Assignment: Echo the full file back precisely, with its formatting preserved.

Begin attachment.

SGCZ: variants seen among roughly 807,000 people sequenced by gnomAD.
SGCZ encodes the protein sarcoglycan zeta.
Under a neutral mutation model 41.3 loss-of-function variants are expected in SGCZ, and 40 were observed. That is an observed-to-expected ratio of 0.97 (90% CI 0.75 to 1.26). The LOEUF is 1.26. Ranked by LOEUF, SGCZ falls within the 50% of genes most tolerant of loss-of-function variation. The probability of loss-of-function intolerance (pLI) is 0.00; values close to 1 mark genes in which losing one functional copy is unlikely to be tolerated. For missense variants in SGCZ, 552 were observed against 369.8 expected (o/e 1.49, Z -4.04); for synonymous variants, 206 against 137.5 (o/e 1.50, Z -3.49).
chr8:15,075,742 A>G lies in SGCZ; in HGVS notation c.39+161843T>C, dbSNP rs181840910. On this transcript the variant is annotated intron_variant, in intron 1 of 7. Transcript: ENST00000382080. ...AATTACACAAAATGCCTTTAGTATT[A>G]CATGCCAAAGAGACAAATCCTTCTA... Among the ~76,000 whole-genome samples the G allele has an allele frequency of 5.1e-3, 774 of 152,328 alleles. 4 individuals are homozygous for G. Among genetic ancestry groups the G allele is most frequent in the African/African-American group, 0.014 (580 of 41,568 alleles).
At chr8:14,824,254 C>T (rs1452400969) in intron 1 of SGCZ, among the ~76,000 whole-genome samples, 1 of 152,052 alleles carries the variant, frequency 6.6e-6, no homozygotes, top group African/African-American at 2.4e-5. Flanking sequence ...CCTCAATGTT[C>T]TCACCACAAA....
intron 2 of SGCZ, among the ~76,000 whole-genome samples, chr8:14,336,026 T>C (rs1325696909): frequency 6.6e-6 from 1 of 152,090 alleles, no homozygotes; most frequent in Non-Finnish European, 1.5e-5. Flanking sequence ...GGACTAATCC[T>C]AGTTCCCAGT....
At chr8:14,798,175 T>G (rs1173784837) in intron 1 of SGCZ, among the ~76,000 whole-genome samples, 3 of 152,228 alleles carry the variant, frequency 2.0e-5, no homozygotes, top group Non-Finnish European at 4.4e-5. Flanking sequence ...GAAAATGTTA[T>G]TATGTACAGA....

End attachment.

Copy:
SGCZ: variants seen among roughly 807,000 people sequenced by gnomAD.
SGCZ encodes the protein sarcoglycan zeta.
Under a neutral mutation model 41.3 loss-of-function variants are expected in SGCZ, and 40 were observed. That is an observed-to-expected ratio of 0.97 (90% CI 0.75 to 1.26). The LOEUF is 1.26. Ranked by LOEUF, SGCZ falls within the 50% of genes most tolerant of loss-of-function variation. The probability of loss-of-function intolerance (pLI) is 0.00; values close to 1 mark genes in which losing one functional copy is unlikely to be tolerated. For missense variants in SGCZ, 552 were observed against 369.8 expected (o/e 1.49, Z -4.04); for synonymous variants, 206 against 137.5 (o/e 1.50, Z -3.49).
chr8:15,075,742 A>G lies in SGCZ; in HGVS notation c.39+161843T>C, dbSNP rs181840910. On this transcript the variant is annotated intron_variant, in intron 1 of 7. Transcript: ENST00000382080. ...AATTACACAAAATGCCTTTAGTATT[A>G]CATGCCAAAGAGACAAATCCTTCTA... Among the ~76,000 whole-genome samples the G allele has an allele frequency of 5.1e-3, 774 of 152,328 alleles. 4 individuals are homozygous for G. Among genetic ancestry groups the G allele is most frequent in the African/African-American group, 0.014 (580 of 41,568 alleles).
At chr8:14,824,254 C>T (rs1452400969) in intron 1 of SGCZ, among the ~76,000 whole-genome samples, 1 of 152,052 alleles carries the variant, frequency 6.6e-6, no homozygotes, top group African/African-American at 2.4e-5. Flanking sequence ...CCTCAATGTT[C>T]TCACCACAAA....
intron 2 of SGCZ, among the ~76,000 whole-genome samples, chr8:14,336,026 T>C (rs1325696909): frequency 6.6e-6 from 1 of 152,090 alleles, no homozygotes; most frequent in Non-Finnish European, 1.5e-5. Flanking sequence ...GGACTAATCC[T>C]AGTTCCCAGT....
At chr8:14,798,175 T>G (rs1173784837) in intron 1 of SGCZ, among the ~76,000 whole-genome samples, 3 of 152,228 alleles carry the variant, frequency 2.0e-5, no homozygotes, top group Non-Finnish European at 4.4e-5. Flanking sequence ...GAAAATGTTA[T>G]TATGTACAGA....